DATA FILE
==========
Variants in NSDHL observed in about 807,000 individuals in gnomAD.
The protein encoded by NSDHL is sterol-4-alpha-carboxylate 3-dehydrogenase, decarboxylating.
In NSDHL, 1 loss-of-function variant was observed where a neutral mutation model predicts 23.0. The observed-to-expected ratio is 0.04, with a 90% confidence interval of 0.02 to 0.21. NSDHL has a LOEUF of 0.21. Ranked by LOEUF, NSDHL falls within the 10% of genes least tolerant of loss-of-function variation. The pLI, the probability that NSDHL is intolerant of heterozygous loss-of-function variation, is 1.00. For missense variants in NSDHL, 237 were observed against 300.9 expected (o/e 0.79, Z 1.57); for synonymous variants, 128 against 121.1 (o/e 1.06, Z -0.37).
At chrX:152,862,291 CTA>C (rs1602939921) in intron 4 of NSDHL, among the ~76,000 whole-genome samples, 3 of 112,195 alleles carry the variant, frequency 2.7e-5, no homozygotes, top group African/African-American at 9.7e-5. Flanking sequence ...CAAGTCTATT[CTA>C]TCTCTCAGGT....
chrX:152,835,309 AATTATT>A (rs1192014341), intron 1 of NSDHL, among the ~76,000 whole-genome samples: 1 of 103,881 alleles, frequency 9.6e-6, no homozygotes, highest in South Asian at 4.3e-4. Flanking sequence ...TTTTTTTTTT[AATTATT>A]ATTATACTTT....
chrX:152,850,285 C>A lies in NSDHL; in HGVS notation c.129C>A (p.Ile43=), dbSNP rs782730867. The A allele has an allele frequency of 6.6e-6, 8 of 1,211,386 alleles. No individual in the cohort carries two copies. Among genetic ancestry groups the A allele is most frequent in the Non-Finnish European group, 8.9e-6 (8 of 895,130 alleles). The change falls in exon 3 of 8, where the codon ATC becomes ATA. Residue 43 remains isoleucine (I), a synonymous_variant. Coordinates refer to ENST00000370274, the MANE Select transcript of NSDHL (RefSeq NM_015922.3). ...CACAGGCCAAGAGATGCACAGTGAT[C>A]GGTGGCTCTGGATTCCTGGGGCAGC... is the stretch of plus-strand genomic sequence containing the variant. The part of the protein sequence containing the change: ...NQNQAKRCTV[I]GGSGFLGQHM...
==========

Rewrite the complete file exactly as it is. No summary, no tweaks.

Variants in NSDHL observed in about 807,000 individuals in gnomAD.
The protein encoded by NSDHL is sterol-4-alpha-carboxylate 3-dehydrogenase, decarboxylating.
In NSDHL, 1 loss-of-function variant was observed where a neutral mutation model predicts 23.0. The observed-to-expected ratio is 0.04, with a 90% confidence interval of 0.02 to 0.21. NSDHL has a LOEUF of 0.21. Ranked by LOEUF, NSDHL falls within the 10% of genes least tolerant of loss-of-function variation. The pLI, the probability that NSDHL is intolerant of heterozygous loss-of-function variation, is 1.00. For missense variants in NSDHL, 237 were observed against 300.9 expected (o/e 0.79, Z 1.57); for synonymous variants, 128 against 121.1 (o/e 1.06, Z -0.37).
At chrX:152,862,291 CTA>C (rs1602939921) in intron 4 of NSDHL, among the ~76,000 whole-genome samples, 3 of 112,195 alleles carry the variant, frequency 2.7e-5, no homozygotes, top group African/African-American at 9.7e-5. Flanking sequence ...CAAGTCTATT[CTA>C]TCTCTCAGGT....
chrX:152,835,309 AATTATT>A (rs1192014341), intron 1 of NSDHL, among the ~76,000 whole-genome samples: 1 of 103,881 alleles, frequency 9.6e-6, no homozygotes, highest in South Asian at 4.3e-4. Flanking sequence ...TTTTTTTTTT[AATTATT>A]ATTATACTTT....
chrX:152,850,285 C>A lies in NSDHL; in HGVS notation c.129C>A (p.Ile43=), dbSNP rs782730867. The A allele has an allele frequency of 6.6e-6, 8 of 1,211,386 alleles. No individual in the cohort carries two copies. Among genetic ancestry groups the A allele is most frequent in the Non-Finnish European group, 8.9e-6 (8 of 895,130 alleles). The change falls in exon 3 of 8, where the codon ATC becomes ATA. Residue 43 remains isoleucine (I), a synonymous_variant. Coordinates refer to ENST00000370274, the MANE Select transcript of NSDHL (RefSeq NM_015922.3). ...CACAGGCCAAGAGATGCACAGTGAT[C>A]GGTGGCTCTGGATTCCTGGGGCAGC... is the stretch of plus-strand genomic sequence containing the variant. The part of the protein sequence containing the change: ...NQNQAKRCTV[I]GGSGFLGQHM...